true nature: “… We can’t find it out there because it’s right here in the intimacy of now …” ~ Elias Amidon
“Our daily lives are the vehicles for awakening, for freeing ourselves and others from suffering.” ~ Roshi Joan Halifax
“… The vitality of Buddhism today is most clearly reflected in the way it is being brought to bear on social, economic, political, and environmental issues . . . The gate of the Dharma does not close behind us to secure us in a cloistered existence aloof from the turbulence and suffering of samsara, so much as it leas us out into a life of risk for the sake of all beings. As many Dharma brothers and sisters discover today, the world is our cloister …” ~ Joanna Macy
Recognizing one’s true nature is a realization of our interconnectedness with all beings … and is considered the most important act (à la Rumi’s “most important thing”) in healing the world … but this realization is typically an inward journey (usually a long one – maybe even arduous) potentially leading one to “not be IN the world : just stay in the monastery or the ashram.” Despite the resulting deep sense of inner peace, the observation – and recognition – of the ongoing suffering in the world is unavoidable … which naturally raises the question: should I focus on the inner journey or work towards alleviating the world’s suffering? … a dilemma of contradictory pursuits?
Elias Amidon (a master in the Sufi tradition, who has also deeply explored Theravada Buddhism, Native American, Christianity, Zen, and contemporary Dzogchen as part of his life long pursuit of spirituality) explores this question/dilemma in Awakening in a Troubled World positing that “… Recognizing our true nature is not a private act, it’s radiant. It reveals our interbeing with all of creation, and that revelation blossoms into care …”
Elias is a Pir (Spiritual Director) of The Sufi Way and has been “an initiate of the Sufi Way for the past 44 years.”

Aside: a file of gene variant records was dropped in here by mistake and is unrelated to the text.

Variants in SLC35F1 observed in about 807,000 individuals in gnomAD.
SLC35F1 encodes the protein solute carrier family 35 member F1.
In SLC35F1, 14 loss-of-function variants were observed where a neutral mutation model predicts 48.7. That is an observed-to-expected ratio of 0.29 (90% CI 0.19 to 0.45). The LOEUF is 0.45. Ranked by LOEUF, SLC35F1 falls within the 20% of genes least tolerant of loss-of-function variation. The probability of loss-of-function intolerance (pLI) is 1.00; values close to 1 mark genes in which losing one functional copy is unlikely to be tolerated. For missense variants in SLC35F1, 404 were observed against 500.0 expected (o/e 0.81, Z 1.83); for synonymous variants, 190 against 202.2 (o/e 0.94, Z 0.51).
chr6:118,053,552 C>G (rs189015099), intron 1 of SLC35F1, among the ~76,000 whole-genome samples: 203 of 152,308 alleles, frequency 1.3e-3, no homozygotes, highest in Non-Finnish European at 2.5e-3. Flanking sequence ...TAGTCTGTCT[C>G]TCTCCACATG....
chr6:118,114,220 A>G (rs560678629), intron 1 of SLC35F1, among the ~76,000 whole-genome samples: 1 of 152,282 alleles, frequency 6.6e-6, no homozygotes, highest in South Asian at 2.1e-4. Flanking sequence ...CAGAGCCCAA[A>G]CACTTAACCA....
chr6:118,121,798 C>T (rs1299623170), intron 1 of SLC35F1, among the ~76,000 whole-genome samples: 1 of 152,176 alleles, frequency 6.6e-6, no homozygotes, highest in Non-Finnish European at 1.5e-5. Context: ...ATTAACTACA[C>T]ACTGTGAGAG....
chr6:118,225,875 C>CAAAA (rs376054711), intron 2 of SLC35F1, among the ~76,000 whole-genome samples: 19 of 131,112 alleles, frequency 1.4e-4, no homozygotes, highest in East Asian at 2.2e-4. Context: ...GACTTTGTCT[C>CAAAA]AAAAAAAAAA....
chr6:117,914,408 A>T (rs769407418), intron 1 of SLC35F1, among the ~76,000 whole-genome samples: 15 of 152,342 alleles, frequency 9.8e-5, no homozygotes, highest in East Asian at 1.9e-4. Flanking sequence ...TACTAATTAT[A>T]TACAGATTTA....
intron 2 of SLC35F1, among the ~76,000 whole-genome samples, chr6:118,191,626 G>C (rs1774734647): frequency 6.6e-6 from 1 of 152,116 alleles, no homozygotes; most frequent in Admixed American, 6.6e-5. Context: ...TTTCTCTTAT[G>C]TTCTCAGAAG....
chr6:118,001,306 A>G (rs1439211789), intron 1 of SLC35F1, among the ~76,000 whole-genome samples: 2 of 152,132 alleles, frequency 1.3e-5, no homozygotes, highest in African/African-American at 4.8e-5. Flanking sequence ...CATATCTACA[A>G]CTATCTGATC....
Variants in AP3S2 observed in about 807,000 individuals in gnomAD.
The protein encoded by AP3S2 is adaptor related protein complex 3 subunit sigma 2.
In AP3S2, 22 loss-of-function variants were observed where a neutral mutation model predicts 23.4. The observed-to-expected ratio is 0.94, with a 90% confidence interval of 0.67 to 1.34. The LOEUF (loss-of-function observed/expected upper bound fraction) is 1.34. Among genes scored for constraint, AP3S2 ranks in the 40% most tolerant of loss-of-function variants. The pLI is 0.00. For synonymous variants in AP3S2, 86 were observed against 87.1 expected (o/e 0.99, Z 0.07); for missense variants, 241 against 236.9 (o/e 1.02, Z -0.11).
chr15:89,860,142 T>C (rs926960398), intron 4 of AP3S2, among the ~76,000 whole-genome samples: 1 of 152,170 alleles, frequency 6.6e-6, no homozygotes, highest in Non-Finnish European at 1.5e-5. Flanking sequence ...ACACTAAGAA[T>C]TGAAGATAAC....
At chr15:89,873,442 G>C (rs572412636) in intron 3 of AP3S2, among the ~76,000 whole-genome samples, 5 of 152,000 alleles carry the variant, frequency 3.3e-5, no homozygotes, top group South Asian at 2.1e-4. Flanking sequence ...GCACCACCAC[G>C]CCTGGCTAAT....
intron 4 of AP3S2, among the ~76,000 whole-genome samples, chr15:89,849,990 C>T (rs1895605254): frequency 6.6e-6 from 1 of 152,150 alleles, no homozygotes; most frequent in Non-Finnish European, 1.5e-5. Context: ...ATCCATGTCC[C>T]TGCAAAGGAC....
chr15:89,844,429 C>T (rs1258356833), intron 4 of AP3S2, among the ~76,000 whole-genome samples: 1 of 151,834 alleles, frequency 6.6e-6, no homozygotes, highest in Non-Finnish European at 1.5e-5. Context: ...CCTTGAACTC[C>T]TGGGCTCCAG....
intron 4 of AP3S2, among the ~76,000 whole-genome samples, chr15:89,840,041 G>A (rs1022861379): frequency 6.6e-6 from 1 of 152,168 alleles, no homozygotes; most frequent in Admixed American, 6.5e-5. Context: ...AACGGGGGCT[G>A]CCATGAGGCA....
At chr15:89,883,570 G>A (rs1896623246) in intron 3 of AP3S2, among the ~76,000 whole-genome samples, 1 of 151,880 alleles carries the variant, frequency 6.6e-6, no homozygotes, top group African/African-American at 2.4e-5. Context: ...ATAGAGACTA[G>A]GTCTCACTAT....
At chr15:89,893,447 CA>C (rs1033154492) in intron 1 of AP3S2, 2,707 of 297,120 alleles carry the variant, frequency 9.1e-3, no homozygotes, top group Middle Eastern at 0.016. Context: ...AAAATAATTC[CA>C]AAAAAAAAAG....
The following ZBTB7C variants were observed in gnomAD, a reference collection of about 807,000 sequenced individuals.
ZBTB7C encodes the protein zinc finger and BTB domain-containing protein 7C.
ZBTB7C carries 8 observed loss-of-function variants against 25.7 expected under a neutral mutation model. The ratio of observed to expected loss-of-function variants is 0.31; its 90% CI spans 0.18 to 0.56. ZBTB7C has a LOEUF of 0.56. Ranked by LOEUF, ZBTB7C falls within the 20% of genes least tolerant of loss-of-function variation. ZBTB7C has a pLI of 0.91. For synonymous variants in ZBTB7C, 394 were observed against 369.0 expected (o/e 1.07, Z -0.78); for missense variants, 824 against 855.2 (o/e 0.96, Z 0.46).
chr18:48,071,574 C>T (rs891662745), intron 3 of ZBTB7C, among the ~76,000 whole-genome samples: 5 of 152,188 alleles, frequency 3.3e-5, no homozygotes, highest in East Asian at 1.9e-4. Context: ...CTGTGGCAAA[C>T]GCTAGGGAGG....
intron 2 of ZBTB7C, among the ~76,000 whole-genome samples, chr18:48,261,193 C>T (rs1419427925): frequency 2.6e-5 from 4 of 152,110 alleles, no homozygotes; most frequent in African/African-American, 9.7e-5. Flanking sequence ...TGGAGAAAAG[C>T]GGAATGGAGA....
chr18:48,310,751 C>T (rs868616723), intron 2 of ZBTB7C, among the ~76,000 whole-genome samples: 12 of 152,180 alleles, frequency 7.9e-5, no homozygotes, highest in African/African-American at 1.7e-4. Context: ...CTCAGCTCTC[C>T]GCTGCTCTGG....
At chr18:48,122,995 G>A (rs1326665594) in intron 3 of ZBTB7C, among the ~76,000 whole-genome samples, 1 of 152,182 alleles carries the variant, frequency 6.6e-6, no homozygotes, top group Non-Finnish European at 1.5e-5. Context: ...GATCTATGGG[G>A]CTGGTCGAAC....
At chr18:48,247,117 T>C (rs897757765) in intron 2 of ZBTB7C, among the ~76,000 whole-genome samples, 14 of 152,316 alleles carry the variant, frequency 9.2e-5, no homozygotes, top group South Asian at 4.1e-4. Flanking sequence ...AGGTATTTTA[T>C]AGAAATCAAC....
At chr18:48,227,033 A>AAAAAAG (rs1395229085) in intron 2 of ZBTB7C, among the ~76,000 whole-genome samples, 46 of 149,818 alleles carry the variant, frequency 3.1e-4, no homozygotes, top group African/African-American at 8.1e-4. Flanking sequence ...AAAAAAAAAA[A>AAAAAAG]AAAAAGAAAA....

So, here is Elias on what / how to navigate & dissolve this dilemma …
Realizing Our True Nature: Awakening in a Troubled World …
As an old man I have the privilege of looking back over the terrain of my life, as if from a height, and seeing the turns and hesitations of the path I took. The world always seemed to me so beautiful, so wondrous, and at the same time, so troubled and hurt. It kept calling me to do something to help.
I know I wasn’t alone in feeling this — most of my companions along the way felt the same. We became activists or artists or teachers or organizers, each in our own way trying to heal what we could, each of us joining the long fight against injustice, oppression, racism, war, patriarchy, and the degradation of nature. “Get up, stand up, don’t give up the fight,” we sang with Marley.
At the same time, we were challenged, not just by the enormity of what we were up against, but by the counsel of the spiritual ones in our midst who said, “If you want to bring peace to the world, you must first find peace in yourself.”
Back then this seemed like a contradiction: turning inward vs turning outward, enlightenment vs activism, a spiritual life vs an engaged life.
And on the other hand, as Zen teacher John Tarrant writes, “To connect, to help, to be of use in this world, you have to walk with people.”
As you probably realized sooner than I did, these “two hands” are the hands of one body. They’re not polarities. Recognizing our true nature is not a private act, it’s radiant. It reveals our interbeing with all of creation, and that revelation blossoms into care.